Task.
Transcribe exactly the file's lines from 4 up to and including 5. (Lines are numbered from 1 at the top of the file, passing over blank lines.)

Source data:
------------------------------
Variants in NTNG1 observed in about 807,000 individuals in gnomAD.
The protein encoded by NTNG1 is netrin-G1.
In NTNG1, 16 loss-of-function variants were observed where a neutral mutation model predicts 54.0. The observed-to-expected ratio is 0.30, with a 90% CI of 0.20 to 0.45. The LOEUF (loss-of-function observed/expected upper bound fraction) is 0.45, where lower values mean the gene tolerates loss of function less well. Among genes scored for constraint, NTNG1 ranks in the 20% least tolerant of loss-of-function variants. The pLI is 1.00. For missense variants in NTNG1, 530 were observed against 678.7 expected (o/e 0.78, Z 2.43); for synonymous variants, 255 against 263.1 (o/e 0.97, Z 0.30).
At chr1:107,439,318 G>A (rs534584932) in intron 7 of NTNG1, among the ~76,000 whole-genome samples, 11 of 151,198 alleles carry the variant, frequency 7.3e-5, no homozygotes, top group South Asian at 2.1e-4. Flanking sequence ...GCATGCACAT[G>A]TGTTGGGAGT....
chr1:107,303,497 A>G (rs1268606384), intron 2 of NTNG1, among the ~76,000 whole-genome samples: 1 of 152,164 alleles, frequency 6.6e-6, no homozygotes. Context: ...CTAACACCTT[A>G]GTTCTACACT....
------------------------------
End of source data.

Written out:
At chr1:107,439,318 G>A (rs534584932) in intron 7 of NTNG1, among the ~76,000 whole-genome samples, 11 of 151,198 alleles carry the variant, frequency 7.3e-5, no homozygotes, top group South Asian at 2.1e-4. Flanking sequence ...GCATGCACAT[G>A]TGTTGGGAGT....
chr1:107,303,497 A>G (rs1268606384), intron 2 of NTNG1, among the ~76,000 whole-genome samples: 1 of 152,164 alleles, frequency 6.6e-6, no homozygotes. Context: ...CTAACACCTT[A>G]GTTCTACACT....